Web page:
In celebration of Saint Patrick’s day, you’re probably thinking green. We talk about greens a lot here because eating plenty of those green vegetables is a big part of a cancer-preventive pattern of eating.
Research shows that consuming non-starchy vegetables, like dark-colored leafy greens, may protect against cancers of the mouth, pharynx, larynx, esophagus, and stomach while providing fiber and phytochemicals.
The phytochemical beta-carotene, for example, is found in dark leafy greens. As a rule of thumb, the greater the intensity of the color of these vegetables, the more beta-carotene it contains.
Most of you are familiar with “leafy greens” like spinach and deep green colored lettuces. And of course, there are green apples, broccoli and green tea. But if you want to fill your plate with greens today, there are plenty of others you can choose. Many of which researchers are studying for how they play a role in lowering cancer risk. Here’s a few other options.
- Bok choy
- Mustard greens
- Mesclun (a salad mix)
For postmenopausal women who are overweight, it makes sense that losing weight could reduce their risk of breast cancer because being overweight or obese increases the risk. But when overweight women are working to shed pounds, is it primarily exercise or cutting calories that makes more of a difference in lowering the risk?
Both, suggests a new study, with weight loss fueled primarily by exercise possibly leading to even more benefits – at least in the short-term for certain markers of breast cancer.
The study is one of the few randomized controlled trials that focuses on teasing apart the effect of diet versus exercise on breast cancer risk. It was published this week in Cancer Epidemiology, Biomarkers & Prevention.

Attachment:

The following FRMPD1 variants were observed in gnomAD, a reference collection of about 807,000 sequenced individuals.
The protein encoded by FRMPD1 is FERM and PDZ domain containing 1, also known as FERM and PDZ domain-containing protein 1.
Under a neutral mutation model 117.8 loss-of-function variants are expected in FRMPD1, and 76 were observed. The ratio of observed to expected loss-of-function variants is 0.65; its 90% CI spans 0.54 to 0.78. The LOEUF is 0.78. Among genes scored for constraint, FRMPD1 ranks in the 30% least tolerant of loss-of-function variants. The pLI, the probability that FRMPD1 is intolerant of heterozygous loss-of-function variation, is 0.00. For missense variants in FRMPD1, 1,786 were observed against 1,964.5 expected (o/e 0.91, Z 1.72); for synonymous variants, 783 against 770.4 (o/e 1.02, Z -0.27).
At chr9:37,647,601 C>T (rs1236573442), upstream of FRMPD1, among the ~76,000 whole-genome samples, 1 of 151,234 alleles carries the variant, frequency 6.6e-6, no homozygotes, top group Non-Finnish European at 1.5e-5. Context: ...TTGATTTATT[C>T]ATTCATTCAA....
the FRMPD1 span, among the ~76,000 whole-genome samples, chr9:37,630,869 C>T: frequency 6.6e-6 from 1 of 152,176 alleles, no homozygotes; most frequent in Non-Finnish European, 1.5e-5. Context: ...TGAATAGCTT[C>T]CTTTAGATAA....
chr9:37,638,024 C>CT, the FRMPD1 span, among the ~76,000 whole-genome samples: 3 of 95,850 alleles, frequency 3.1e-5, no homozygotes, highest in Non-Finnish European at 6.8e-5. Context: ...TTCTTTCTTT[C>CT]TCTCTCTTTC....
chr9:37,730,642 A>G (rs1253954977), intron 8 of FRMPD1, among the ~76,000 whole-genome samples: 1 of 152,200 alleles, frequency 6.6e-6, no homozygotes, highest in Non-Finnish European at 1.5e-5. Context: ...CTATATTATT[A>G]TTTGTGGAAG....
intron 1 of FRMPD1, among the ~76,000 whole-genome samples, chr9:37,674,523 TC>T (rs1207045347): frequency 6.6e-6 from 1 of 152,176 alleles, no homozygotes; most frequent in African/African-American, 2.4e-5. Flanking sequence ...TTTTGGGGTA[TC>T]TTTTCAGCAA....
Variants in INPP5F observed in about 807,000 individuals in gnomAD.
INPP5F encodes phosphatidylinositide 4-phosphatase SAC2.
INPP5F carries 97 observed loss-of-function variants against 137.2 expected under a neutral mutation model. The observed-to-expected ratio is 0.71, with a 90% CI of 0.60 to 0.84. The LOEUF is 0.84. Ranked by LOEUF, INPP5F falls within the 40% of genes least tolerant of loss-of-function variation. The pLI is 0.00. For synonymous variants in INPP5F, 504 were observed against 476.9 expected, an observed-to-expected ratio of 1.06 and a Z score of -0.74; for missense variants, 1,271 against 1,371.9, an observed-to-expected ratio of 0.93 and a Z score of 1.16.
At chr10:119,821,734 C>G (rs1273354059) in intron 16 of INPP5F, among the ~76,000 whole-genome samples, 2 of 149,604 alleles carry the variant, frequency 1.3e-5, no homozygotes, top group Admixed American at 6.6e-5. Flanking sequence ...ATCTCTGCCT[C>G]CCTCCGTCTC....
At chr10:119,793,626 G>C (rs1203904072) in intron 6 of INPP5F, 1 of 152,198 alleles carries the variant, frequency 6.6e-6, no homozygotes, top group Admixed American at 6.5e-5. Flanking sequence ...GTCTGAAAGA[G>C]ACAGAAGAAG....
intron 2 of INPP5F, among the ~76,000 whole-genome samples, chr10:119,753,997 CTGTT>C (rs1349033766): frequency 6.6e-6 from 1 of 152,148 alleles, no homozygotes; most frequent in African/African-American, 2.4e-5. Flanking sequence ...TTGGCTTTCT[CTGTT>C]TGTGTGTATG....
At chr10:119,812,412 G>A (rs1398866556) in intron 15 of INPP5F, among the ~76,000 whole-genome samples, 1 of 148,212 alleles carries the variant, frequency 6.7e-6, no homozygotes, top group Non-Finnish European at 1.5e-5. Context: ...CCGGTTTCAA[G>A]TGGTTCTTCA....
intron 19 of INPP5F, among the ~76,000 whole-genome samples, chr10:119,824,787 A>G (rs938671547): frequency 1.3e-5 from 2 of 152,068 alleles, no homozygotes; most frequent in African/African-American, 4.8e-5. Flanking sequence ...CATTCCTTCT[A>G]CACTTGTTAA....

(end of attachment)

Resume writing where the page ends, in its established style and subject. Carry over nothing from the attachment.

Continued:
Previous research has shown that too much fat tissue can place the body in a constant state of inflammation. That leads to high levels of hormones and other proteins that can spur cancer cell growth. How exercise alone can affect inflammation and hormones is one of the big questions under study. Continue reading
You probably know fruits and vegetables are packed with all kinds of nutrients, and compounds linked to good health. One of the biggest groups of these compounds or phytochemicals are the flavonoids, and we talk about them a lot here because they’re studied for their role in lowering cancer risk.
Now comes a large and long-term study that suggests eating plenty of berries, pears, peppers and other fruits and vegetables high in flavonoids may help you avoid weight gain as you age. That can help prevent overweight or obesity, and that’s a big deal for cancer prevention.
The study, published in BMJ, included almost 124,000 people who were part of three population studies that were looking at habits and health. Back in 1986, participants had reported what they were eating, along with other lifestyle habits, such as smoking and activity. They also reported how much they weighed. Every couple years every again filled out questionnaire about their eating habits, using a detailed list of foods, along with weight and illness. Continue reading